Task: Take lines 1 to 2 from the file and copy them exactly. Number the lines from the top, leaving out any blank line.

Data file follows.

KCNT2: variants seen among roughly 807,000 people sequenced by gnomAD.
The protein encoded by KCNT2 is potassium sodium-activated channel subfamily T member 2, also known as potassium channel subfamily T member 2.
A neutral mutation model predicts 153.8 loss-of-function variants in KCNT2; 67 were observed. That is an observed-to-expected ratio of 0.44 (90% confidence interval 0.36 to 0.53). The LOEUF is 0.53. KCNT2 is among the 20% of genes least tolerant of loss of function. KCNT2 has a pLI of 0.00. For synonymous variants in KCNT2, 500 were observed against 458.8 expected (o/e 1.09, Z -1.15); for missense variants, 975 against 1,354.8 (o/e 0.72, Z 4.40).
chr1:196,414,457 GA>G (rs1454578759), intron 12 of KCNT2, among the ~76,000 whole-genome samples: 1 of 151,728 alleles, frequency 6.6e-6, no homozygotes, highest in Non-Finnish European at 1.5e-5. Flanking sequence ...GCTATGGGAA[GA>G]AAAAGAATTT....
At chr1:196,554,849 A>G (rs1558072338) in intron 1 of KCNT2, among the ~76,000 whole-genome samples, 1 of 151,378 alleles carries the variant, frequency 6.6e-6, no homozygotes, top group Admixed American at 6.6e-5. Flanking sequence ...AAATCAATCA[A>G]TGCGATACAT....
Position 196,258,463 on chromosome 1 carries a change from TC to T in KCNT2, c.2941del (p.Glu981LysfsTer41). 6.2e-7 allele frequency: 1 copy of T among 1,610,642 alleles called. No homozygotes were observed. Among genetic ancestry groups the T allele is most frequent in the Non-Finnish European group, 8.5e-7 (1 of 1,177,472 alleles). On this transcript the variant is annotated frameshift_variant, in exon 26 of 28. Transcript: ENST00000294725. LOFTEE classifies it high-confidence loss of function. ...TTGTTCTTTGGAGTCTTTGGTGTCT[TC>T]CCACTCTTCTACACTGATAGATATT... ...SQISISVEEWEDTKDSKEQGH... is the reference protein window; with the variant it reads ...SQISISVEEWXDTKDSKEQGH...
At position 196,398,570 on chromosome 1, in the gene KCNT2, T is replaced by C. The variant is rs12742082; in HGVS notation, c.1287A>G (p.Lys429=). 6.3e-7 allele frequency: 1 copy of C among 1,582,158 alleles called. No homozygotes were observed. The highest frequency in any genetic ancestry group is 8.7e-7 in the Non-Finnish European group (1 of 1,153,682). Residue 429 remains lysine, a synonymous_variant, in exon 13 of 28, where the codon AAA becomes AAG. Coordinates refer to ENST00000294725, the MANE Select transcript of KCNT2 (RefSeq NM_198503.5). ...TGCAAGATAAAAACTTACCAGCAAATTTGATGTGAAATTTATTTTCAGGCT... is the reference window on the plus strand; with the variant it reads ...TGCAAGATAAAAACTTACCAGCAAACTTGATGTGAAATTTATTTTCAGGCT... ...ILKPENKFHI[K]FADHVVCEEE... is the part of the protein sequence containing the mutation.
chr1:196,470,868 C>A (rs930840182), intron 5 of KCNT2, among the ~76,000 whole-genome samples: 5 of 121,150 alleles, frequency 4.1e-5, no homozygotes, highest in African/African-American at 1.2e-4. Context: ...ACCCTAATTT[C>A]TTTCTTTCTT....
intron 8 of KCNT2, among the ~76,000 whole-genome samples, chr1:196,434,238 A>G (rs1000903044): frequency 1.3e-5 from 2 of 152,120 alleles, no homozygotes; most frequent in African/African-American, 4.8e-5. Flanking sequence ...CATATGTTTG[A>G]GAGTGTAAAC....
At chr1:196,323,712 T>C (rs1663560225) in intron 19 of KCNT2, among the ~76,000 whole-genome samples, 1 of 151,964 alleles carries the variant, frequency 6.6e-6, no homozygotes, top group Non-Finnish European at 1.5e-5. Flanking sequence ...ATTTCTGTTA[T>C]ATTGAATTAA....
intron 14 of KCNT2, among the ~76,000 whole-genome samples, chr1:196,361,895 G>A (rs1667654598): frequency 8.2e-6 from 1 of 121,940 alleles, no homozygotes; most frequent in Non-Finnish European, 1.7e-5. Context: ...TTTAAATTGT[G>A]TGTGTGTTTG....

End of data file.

KCNT2: variants seen among roughly 807,000 people sequenced by gnomAD.
The protein encoded by KCNT2 is potassium sodium-activated channel subfamily T member 2, also known as potassium channel subfamily T member 2.